2. Utilizing Credit Cards 

If you have a credit card, consider charging the vet bill to it. Just be mindful of the interest rate on the card, and pay off what you charge as soon as possible, so you don’t rack up too much in interest expenses. If you’re able to get a new card with a 0% promotional APR (annual percentage rate), you can charge your vet bill without paying any interest.

3. Utilizing Personal Savings

If you have a major vet bill, you may want to use your personal savings to cover it. To make sure you’ll always have enough in your account, set aside a certain amount of money each month that’s designated for vet bills.

4. Utilizing Organizations & Charities

There are organizations and charities that help with pet care costs. Some may require that you have a specific income limit in order to qualify. Others cover cancer treatments or are for certain breeds of animals. Here are some of the organizations to look into:

5. Utilizing Veterinary Students

If there is a veterinary college near you, it may offer discounted services. Your pet gets treated for less, and a veterinary student gains valuable experience in their field of study. 

6. Taking Out Family Loans

Depending on your family’s financial situation, you might be able to get a loan from a relative to help with vet bill expenses. If you pursue this option, it’s smart to create a loan agreement that outlines how much you will pay the person each month, and how much in interest they may charge you until the loan is fully reimbursed.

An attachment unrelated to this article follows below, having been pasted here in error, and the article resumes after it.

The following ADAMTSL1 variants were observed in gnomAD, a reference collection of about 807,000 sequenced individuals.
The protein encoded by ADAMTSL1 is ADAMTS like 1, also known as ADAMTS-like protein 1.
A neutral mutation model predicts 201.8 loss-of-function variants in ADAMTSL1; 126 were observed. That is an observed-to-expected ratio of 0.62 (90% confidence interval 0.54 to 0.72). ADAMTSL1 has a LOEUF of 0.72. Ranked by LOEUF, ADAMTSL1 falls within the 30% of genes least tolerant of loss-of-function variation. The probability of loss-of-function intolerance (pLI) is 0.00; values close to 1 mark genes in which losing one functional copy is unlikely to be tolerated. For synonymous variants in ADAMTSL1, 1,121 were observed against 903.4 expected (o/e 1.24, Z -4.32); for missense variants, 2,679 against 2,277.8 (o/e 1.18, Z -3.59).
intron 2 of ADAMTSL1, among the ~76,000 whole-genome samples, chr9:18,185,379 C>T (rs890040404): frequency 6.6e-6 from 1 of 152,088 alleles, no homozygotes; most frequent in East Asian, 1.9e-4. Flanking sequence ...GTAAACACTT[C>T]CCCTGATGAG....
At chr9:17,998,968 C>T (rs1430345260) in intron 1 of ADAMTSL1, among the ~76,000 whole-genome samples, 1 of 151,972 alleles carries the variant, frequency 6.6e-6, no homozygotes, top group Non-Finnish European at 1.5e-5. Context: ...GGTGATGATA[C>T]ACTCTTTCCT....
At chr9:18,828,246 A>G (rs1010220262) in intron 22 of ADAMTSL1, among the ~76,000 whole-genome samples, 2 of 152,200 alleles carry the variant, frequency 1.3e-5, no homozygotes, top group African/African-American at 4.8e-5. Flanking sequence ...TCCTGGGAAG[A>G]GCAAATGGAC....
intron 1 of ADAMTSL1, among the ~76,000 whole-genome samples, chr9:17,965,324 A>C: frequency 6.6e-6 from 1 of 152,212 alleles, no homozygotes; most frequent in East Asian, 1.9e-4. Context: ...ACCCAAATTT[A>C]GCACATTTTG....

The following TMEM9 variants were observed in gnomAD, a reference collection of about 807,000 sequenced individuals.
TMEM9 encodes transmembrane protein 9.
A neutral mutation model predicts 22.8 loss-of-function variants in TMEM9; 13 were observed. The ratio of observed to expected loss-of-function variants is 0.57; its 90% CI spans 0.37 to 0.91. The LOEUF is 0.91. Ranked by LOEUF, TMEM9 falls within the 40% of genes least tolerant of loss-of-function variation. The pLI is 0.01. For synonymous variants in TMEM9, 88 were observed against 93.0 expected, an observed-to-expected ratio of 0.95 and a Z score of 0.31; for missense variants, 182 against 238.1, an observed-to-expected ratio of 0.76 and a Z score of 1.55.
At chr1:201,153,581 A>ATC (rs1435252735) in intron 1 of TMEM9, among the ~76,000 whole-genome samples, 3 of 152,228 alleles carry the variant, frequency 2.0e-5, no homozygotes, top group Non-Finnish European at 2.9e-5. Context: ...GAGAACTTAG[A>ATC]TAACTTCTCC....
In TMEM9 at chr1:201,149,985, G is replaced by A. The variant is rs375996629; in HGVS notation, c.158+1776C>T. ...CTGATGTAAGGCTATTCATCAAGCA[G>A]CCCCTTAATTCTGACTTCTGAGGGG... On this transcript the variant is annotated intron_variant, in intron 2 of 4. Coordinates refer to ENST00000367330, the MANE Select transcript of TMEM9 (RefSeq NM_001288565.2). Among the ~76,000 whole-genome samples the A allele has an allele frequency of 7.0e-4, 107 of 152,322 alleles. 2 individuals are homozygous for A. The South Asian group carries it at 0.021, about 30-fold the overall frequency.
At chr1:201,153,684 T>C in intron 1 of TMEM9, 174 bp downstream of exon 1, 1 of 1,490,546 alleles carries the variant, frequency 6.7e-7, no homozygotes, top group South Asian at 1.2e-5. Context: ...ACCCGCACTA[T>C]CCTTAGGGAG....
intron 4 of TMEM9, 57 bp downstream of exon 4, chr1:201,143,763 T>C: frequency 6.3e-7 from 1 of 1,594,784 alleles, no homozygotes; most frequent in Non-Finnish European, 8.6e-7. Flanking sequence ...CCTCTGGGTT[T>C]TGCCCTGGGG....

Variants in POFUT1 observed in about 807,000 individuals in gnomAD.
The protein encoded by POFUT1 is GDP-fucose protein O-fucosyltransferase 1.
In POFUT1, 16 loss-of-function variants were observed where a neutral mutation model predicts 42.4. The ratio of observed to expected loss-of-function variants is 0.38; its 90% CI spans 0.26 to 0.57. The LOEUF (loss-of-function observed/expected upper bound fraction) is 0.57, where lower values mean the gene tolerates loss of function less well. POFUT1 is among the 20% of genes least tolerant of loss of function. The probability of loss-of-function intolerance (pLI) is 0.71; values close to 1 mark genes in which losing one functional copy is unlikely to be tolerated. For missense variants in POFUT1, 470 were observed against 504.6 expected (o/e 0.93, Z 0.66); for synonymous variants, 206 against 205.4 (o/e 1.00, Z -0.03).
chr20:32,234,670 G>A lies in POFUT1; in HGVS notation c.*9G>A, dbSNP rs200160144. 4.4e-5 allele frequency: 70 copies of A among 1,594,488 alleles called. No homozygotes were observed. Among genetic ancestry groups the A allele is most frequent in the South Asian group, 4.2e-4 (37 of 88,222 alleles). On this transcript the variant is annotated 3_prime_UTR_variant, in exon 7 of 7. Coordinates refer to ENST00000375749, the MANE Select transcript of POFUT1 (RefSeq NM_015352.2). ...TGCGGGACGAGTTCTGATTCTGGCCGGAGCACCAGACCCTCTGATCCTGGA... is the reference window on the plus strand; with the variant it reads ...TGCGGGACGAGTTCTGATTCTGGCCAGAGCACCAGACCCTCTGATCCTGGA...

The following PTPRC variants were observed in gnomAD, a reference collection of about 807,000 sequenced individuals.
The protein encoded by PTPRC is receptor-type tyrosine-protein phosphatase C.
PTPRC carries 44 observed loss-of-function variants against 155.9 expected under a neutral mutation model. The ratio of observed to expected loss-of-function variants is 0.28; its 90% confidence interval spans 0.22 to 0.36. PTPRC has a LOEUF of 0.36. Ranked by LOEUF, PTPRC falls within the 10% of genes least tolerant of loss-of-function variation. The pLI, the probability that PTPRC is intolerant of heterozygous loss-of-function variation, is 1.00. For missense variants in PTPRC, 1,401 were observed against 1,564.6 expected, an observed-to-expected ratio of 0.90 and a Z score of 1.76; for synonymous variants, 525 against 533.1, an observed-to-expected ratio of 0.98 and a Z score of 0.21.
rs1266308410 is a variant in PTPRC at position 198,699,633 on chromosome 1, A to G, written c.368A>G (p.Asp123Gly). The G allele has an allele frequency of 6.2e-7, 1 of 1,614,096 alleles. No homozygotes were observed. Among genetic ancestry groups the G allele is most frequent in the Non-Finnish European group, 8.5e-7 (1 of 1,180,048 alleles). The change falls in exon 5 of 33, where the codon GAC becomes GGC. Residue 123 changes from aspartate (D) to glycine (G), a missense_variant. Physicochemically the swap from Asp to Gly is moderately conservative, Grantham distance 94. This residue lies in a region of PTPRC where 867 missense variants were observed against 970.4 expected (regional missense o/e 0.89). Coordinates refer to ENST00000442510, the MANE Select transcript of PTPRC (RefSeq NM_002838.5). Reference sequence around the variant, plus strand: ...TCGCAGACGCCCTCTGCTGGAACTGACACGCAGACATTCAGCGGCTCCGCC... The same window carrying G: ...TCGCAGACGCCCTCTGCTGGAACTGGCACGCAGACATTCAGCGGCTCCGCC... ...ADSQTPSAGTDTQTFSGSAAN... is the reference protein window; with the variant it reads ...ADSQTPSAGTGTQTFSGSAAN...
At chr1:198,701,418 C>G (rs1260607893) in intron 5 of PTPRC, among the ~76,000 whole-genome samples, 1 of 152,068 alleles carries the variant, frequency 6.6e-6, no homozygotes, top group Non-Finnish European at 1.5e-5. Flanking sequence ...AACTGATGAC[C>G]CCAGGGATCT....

7. Fundraising

Fundraising websites like GoFundMe allow you to set up campaigns to raise money for a variety of causes, including vet bills. There are also pet-specific fundraising sites like The Magic Bullet Fund that allow you to share your pet’s story and photos to raise money from fellow pet lovers.

8. Utilizing Personal Loans

Another option that can help you pay your vet bills is a personal loan. There are many ways to use a personal loan, including for your pet’s care.Even if you have a low credit score, there are vet bill financing options with lenders specializing in personal loans for low-income individuals.Be sure to review the personal loan fundamentals and the requirements for personal loans as you consider this option. Also, before applying for a personal loan, check the terms and interest you may pay. Be sure to have a plan in place for how you’ll pay back the loan.

Exploring Personal Loan Options

If you’re considering taking out a personal loan to cover vet bills, Lantern by SoFi can help. With our simple loan origination process, you can view multiple offers from different lenders to find the best loan option for you.

Frequently Asked Questions

How can you pay for vet bills?
What happens if you do not pay your vet bills?
Can you use a personal loan to pay your vet bills?
Photo credit: iStock/Liudmila Chernetska

About the Author

Susan Guillory

Susan Guillory

Su Guillory is a freelance business writer and expat coach. She’s written several business books and has been published on sites including Forbes, AllBusiness, and SoFi. She writes about business and personal credit, financial strategies, loans, and credit cards.